Renault Reinastella

The Renault Reinastella is an automobile created by the French car maker Renault. The original Reinastella was a luxury-class car manufactured between 1929 and 1933.

The car was unveiled at the 1928 Paris Motor Show as the Renault Renahuit. The original Reinastella was the first of Renault's Stella series, high-end luxury automobiles intended to compete with contemporary marques such as Hispano-Suiza, Rolls-Royce, Daimler, Lincoln, Packard, and Cadillac. The Stellas, or Grand Renaults, were marked with a star riveted to the radiator grille above the famous Renault lozenge.

The Reinastella was, at 5.3 meters (17 feet) long and 2 meters (six feet) wide, the biggest car ever produced by Renault upon its market debut. It weighed about 2.5 tons and was the first Renault to be fitted with a 7.1 liter, 8-cylinder engine, delivering a top speed of 140 km/h (87 mph). It was also the first Renault to have its radiator placed ahead of the engine, leading the way for all future Renaults.

The hood of the Reinastella was longer than that of the later Nervastella and Vivastella, but like those later models the Reinastella was available in different trims: a closed sedan, berline, and town car. Coachbuilding was by leading French coachworkers, exhibiting the luxurious fittings of the golden age of classic bodywork. These models were produced until 1931.

In 1933, a coupé, the Reinasport, was introduced. It was a lighter and more economical car, designed to compete with British and American models in the difficult economic environment of the Great Depression.

In its day, the Reinastella had the same cachet of luxury and privilege in the Francophone world that Rolls Royce had in Britain and America. As a result, it may sometimes appear in contemporary popular media as a symbol of wealth. For example, it appears in The Adventures of Tintin series of Belgian comics The Blue Lotus (1936) and The Crab with the Golden Claws (1941). (The depictions may be of a Vivastella in taxi configuration.)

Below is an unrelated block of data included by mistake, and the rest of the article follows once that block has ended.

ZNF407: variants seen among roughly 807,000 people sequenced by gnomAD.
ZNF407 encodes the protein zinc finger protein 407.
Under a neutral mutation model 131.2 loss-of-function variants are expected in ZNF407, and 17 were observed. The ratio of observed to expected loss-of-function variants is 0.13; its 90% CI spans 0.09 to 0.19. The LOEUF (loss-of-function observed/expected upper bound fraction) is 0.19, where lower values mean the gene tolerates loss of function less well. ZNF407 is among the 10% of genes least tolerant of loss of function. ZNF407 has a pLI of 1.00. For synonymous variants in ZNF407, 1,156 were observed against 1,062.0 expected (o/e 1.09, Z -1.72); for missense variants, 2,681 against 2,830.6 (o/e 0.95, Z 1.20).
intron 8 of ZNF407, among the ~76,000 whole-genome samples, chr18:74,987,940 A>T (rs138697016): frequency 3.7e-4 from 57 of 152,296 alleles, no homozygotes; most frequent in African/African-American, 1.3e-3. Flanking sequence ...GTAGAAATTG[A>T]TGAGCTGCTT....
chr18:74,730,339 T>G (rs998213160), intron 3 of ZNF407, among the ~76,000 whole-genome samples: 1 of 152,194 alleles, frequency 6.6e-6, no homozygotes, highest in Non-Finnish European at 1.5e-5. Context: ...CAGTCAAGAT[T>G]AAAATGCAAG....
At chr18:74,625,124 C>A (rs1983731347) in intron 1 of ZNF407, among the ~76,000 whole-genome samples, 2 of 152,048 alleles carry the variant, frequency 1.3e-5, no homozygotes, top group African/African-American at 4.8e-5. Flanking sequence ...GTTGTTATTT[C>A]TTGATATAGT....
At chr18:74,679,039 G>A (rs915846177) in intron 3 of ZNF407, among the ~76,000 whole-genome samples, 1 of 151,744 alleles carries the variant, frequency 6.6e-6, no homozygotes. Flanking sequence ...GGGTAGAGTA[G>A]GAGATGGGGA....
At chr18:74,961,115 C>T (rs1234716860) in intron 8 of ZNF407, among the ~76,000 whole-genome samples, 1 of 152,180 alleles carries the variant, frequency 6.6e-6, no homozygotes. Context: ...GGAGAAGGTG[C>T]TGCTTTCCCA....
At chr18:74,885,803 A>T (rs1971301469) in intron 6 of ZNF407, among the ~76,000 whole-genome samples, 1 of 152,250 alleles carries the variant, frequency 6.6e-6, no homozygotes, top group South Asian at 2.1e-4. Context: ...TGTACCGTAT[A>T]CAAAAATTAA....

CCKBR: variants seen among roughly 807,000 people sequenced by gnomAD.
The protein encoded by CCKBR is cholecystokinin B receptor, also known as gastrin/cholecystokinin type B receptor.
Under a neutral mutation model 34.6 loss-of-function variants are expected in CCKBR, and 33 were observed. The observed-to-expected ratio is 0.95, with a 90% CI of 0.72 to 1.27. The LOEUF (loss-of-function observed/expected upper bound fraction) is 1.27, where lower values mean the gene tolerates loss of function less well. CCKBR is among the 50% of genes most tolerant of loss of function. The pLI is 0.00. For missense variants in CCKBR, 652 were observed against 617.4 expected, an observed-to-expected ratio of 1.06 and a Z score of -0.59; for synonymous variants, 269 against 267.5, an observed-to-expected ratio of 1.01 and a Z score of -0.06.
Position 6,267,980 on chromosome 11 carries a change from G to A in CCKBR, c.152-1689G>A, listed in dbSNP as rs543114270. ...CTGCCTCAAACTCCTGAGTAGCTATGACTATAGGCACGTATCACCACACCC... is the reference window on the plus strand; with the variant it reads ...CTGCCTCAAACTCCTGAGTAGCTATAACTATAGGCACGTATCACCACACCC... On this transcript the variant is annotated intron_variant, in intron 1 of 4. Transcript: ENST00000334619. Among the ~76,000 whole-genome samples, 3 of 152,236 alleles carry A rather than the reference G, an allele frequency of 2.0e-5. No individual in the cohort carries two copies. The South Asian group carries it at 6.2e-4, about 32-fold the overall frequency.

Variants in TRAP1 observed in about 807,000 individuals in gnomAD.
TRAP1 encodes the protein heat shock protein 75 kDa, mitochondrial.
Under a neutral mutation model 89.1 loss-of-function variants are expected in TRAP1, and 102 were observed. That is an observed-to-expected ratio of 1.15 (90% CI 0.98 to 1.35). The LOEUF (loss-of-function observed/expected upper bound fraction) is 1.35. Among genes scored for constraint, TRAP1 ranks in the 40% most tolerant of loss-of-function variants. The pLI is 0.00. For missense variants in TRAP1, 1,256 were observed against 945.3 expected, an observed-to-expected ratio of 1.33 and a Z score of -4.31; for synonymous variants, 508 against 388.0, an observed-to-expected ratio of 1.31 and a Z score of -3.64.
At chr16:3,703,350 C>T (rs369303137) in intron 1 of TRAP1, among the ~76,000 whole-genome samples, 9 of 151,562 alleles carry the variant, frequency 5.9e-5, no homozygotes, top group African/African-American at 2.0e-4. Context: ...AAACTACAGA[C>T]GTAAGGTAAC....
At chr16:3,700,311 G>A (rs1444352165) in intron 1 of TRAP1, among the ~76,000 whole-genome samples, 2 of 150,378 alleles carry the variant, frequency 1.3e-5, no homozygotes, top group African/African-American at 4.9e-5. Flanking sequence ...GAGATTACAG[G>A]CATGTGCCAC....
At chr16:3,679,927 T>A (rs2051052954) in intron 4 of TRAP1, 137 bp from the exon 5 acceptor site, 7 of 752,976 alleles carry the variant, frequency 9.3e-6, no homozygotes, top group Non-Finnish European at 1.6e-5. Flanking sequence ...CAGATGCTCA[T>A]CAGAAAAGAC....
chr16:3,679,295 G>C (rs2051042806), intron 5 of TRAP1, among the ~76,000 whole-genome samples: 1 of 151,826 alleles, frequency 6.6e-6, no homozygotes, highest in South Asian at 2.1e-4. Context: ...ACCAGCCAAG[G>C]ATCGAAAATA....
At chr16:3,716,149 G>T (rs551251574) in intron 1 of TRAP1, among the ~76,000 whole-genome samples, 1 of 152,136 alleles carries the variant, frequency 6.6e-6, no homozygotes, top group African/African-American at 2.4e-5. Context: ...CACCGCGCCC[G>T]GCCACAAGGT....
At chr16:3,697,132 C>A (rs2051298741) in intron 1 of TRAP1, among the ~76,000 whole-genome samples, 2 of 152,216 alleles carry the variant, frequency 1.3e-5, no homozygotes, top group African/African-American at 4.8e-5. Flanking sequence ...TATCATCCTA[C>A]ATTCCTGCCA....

The high proportion of aluminium used in construction made all the Stellas desirable for recycling during World War II. Only a few hundred examples of the vehicle were produced, and most of those that survive are in museum collections.

The name was also used for a prototype flying car in 1992. The flying car made its public debut in Circle-Vision 360° film, Le Visionarium, an attraction at the Disneyland Park at Disneyland Resort Paris, which Renault sponsored from 1992 until 2002. The prototype still can be seen at some special auto fairs in Europe.

Rocket Rods

Rocket Rods was a high-speed thrill attraction in Tomorrowland at Disneyland in Anaheim, California. The ride, meant to evoke a futuristic rapid transit system, opened in 1998 on the existing PeopleMover infrastructure as part of the New Tomorrowland project. Plagued with technical problems, Rocket Rods closed permanently in September 2000 after a little over two years of intermittent operation. Rocket Rods was replaced with Buzz Lightyear Astro Blasters in 2005.

Telephone Pavilion (Expo 67)

The Telephone Pavilion, also known as the Bell Telephone Pavilion and formally named the Telephone Association of Canada Pavilion, was a part of Expo 67, an International World's Fair held in Montreal, Quebec, Canada in 1967 to mark the centenary of the Confederation of Canada. The pavilion was built to promote Canadian telephone companies and their services. The pavilion's feature attraction was Canada '67, a documentary film directed by Robert Barclay for The Walt Disney Company. The movie was presented in Circle-Vision 360° to audiences of 1,200–1,500 people every 30 minutes.AT&T Picturephone videophone demonstrations were also featured at the pavilion. The demonstration units were available in the pavilion for the public to test, with fair-goers permitted to make videophone calls to volunteer recipients in other cities.